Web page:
The idea of a test solution architect is a role that should officially exist but doesn’t. My thoughts are still percolating on this but let’s talk about architects in general and then talk about test solution architects.
In a previous post I introduced you to provisioning an infrastructure with Chef using a standalone component called Chef Solo. In this post, I’m going to expand significantly on that example and cover how to use Chef in the more common scenario, which is using Chef Client to talk with a Chef Server.
Many testers are working in a DevOps context now or soon will be. This context is often about making a new environment available (virtualization) or taking an environment and making sure it has everything needed (provisioning). Usually these two go hand-in-hand. Here I’m going to show you one of the simplest possible ways to do this using one component of Chef. Make no mistake about it: this kind of automation is critical for the modern tester to learn.
In a previous post I talked how testers need to learn virtualization technology, using Vagrant as a good example of that. Here I want to talk about a related aspect to that, which is provisioning the virtual machines that are used for testing and development purposes.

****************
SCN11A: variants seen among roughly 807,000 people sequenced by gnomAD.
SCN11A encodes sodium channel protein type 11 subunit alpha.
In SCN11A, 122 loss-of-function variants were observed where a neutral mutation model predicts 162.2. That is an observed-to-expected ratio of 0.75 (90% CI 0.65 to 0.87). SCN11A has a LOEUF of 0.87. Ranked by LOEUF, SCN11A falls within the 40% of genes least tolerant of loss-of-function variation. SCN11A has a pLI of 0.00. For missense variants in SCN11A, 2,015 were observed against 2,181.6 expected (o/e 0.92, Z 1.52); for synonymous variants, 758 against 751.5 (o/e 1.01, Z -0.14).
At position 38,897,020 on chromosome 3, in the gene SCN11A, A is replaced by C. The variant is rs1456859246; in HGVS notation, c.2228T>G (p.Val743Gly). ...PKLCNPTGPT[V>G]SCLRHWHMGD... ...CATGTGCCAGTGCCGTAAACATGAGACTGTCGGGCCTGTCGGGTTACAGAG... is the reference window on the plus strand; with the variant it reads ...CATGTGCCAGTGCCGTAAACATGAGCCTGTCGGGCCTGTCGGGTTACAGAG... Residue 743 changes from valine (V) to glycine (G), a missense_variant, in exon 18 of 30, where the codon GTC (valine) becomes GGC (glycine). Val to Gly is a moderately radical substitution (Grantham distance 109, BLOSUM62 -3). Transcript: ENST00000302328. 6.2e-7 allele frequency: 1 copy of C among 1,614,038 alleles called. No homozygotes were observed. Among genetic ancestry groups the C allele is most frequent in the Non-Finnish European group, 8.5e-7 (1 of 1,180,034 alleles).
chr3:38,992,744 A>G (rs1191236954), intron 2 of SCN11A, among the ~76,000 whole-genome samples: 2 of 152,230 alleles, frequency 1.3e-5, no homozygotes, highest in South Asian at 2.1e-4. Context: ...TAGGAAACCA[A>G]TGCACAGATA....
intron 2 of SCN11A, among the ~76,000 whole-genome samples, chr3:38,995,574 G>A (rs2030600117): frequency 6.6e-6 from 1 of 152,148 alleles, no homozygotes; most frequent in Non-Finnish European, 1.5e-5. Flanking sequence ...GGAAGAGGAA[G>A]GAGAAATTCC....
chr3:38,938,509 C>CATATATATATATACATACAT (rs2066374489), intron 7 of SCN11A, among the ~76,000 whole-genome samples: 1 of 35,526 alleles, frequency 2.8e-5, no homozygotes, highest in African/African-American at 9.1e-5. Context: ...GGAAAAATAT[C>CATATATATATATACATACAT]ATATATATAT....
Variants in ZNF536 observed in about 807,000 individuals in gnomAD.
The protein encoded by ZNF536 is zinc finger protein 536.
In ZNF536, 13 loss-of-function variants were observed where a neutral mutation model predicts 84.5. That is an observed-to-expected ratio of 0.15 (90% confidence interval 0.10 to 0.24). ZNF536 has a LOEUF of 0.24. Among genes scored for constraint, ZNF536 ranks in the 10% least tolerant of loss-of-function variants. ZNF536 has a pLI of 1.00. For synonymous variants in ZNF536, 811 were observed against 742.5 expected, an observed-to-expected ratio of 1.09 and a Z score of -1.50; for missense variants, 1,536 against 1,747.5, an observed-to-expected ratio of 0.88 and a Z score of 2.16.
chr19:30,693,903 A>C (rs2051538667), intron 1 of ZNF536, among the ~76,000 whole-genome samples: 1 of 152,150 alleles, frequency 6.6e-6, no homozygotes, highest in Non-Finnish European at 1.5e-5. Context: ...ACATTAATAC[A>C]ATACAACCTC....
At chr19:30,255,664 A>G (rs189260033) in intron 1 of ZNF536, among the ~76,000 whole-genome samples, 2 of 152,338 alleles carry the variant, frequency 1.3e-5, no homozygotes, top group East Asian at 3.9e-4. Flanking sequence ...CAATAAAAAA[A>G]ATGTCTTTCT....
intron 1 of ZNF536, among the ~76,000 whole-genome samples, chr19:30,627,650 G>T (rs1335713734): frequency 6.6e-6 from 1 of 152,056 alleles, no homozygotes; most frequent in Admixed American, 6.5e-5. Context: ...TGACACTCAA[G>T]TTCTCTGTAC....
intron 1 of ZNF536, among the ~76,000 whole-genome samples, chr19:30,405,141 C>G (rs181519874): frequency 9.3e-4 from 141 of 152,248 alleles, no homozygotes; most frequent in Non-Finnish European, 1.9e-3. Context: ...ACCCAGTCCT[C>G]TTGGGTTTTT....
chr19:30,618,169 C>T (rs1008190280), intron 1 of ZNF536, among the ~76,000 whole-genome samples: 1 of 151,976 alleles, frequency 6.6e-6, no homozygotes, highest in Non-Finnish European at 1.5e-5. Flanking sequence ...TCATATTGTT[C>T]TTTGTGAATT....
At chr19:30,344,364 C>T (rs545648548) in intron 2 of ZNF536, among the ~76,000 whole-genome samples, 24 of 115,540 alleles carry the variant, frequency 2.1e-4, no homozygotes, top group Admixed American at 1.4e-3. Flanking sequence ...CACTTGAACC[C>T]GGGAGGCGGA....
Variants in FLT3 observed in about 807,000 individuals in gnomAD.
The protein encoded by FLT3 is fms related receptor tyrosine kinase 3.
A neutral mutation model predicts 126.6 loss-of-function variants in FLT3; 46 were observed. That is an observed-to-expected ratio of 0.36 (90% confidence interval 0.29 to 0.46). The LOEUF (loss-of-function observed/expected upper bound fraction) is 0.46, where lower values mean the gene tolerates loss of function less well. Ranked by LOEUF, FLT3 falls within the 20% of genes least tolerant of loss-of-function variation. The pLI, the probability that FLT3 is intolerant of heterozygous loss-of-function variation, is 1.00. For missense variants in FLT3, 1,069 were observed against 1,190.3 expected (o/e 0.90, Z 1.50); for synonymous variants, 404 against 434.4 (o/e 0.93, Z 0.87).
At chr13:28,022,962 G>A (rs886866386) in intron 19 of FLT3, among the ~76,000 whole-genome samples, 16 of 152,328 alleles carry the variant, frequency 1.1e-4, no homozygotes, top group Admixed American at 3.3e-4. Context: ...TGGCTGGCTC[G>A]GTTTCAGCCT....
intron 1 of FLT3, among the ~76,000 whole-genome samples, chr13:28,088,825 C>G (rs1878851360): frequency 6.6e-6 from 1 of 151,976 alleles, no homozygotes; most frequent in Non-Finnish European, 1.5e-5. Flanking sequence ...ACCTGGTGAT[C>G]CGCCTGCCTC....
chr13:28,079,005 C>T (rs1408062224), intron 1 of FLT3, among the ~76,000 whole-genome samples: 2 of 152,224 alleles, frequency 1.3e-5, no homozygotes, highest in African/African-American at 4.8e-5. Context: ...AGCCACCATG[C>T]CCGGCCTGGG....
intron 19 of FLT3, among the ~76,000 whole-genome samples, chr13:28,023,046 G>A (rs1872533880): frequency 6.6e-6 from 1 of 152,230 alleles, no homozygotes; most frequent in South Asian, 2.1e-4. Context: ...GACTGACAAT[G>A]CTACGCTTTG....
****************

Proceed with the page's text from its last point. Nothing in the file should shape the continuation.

I interact with many testers who feel they are not relevant in their career due to various things they don’t know. Probably one of the most common of those would be virtualization. The ability to utilize virtualized environments is most definitely a key skill that testers need to have in their toolkit, so let’s talk about that a bit.
I have a really hard time getting behind the names of many of the open source test tools that are out there. Here I want to talk about that just a little bit and what I’ve been doing to combat that. I do realize that I am probably in the vast minority of people who are concerned about this issue.